Taking Pride In Advertising
Advertising in the LGBT community.
It's Pride month in Toronto - a time for us to gaily celebrate the LGBT community. In honour of this wonderful celebration I thought it'd be fitting to briefly write about the history of "Gayvertising".
It’s Pride month in Toronto – a time for us to gaily celebrate the LGBT community. In honour of this wonderful celebration I thought it’d be fitting to briefly write about the history of “Gayvertising”. After a century of incorporating so-called “gay-vague” and “integral coding” into advertising campaigns, companies are finally coming out with a more direct approach in portraying the men and women they wish to reach.
In the 90s, companies used integral coding to experiment with gay-targeted ads in mainstream media. Take Subaru for example who captured the rear-end of one of their cars in a print ad with the license plate reading P-TOWN. Upon showing this ad to their straight employees no one got the reference, but research showed that gay people immediately knew this was short form for the “popular gay vacation destination, Provincetown, Mass” (Klara, 2013). Along with Subaru, many companies were trying to prove that there was a gay market, but by using code language/objects they all lacked true openness on the part of their brands.
Then there was gay-vague advertising that took an artfully constructed scenario that’s obviously gay - except when it isn’t (Klara, 2013). Take the 1997 Volkswagen commercial “Sunny Afternoon”, which aired during the famous coming-out episode of Ellen. The relationship between the two men in this commercial is ambiguous, and could lead to multiple interpretations. Gay-vague techniques were used as a way to reach out to many demographics without alienating any of them.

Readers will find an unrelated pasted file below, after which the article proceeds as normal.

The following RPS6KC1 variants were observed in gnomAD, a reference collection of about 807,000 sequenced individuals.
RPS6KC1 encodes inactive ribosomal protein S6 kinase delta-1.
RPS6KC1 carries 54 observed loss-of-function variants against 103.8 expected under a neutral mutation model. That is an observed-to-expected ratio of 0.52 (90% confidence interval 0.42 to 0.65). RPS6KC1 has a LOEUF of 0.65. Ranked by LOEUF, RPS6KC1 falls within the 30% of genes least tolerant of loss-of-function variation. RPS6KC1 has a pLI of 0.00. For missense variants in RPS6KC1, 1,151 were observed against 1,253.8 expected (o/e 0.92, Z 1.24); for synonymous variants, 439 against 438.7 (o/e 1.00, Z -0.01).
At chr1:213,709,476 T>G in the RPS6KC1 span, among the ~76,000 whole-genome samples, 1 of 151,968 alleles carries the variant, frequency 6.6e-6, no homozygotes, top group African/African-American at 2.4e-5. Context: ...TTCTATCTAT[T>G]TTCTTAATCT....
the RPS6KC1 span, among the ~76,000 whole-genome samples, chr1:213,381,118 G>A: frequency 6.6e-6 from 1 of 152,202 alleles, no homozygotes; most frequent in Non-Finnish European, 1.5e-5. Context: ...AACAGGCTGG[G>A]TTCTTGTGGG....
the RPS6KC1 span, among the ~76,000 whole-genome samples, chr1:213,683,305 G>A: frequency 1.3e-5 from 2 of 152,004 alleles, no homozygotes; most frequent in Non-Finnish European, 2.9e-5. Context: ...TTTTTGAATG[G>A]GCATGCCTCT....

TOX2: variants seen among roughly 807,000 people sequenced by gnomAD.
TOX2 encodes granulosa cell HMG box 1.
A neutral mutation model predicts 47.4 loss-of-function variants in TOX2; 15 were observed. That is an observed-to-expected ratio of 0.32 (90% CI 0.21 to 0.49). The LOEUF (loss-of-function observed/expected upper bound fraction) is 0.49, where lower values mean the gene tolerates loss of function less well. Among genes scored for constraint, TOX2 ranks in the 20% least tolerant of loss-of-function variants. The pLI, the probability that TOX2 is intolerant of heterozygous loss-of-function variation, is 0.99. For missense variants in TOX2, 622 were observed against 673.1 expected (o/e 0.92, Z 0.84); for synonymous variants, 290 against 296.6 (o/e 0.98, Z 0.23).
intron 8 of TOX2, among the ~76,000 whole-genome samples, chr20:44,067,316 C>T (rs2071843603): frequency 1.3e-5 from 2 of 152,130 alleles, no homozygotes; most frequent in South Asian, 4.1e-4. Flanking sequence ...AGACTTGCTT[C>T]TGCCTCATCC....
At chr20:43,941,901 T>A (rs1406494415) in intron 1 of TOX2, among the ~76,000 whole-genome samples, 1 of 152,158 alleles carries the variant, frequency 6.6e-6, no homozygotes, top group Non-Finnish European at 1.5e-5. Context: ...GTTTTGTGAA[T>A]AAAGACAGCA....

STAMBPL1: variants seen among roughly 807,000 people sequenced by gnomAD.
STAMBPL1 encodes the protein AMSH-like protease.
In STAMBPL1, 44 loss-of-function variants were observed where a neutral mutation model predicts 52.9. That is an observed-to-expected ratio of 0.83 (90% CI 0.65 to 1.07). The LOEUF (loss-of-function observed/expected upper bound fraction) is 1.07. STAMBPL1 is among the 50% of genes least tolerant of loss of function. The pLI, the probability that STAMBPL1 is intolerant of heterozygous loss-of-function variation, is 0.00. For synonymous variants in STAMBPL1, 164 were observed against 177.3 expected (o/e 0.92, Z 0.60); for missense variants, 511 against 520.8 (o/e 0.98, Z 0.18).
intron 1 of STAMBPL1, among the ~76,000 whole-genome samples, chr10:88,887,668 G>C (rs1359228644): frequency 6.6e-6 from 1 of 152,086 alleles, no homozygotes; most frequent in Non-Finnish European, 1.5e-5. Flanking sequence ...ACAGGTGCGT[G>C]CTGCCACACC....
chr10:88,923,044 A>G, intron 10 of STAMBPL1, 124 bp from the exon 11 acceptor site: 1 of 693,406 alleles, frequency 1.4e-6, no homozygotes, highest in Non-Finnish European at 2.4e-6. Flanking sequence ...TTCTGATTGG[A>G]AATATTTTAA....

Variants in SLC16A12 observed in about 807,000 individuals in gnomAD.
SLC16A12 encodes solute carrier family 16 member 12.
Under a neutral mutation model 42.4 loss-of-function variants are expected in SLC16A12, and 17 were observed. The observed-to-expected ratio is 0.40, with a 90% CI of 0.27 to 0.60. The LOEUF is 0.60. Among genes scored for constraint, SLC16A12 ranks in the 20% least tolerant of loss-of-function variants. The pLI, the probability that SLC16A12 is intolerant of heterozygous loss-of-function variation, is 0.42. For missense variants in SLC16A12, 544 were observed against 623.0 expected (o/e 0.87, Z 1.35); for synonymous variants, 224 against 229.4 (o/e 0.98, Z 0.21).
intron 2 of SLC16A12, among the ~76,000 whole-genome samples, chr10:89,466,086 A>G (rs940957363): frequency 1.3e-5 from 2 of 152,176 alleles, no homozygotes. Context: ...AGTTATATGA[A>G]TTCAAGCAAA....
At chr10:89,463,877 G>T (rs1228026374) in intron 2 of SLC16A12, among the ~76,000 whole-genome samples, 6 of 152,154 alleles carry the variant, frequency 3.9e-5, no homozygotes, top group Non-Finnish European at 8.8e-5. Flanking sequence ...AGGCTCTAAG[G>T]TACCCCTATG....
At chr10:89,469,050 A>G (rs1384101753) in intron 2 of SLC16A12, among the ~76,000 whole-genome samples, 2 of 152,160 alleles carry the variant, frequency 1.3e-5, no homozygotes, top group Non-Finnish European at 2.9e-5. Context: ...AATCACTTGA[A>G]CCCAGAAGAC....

Take the 1992 Calvin Klein ads featuring Mark Wahlberg who was shown wearing only his skin-tight boxer briefs. Neil Kraft, SVP of Creative Services at Calvin Klein insisted this wasn’t a gay ad, but when finding that sales were steadily increasing because of gay men he didn’t discourage it. Kraft believes it’s foolish for any brand to exclusively target gay men, as they are only a small percentage of the population, but at the same time agrees that it’s “disingenuous for brands to say that they don’t want to appeal to them" (Klara, 2013). If we’re talking business, Kraft makes sense, but vaguely reaching out to the gay community is fast becoming a marketing ploy that companies today are putting on the back burner. Today, companies are taking PRIDE in their “Gayvertising”.
Take the 2012 JC Penny Father’s Day ad featuring a same-sex married couple with their kids, Ray-Ban’s 2007 “Never Hide” campaign featuring two men holding hands walking down the street or Gap’s 2012 “Be One” ad showing two young men snuggled inside a T-shirt. Now more than ever companies feel comfortable reaching out and connecting with their LGBT consumers. While it seems like the millennium introduced a new wave of “Gayvertising”, it’s actually been years in the making. See for yourself!
Happy Gay Pride to all! To all Happy Gay Pride!
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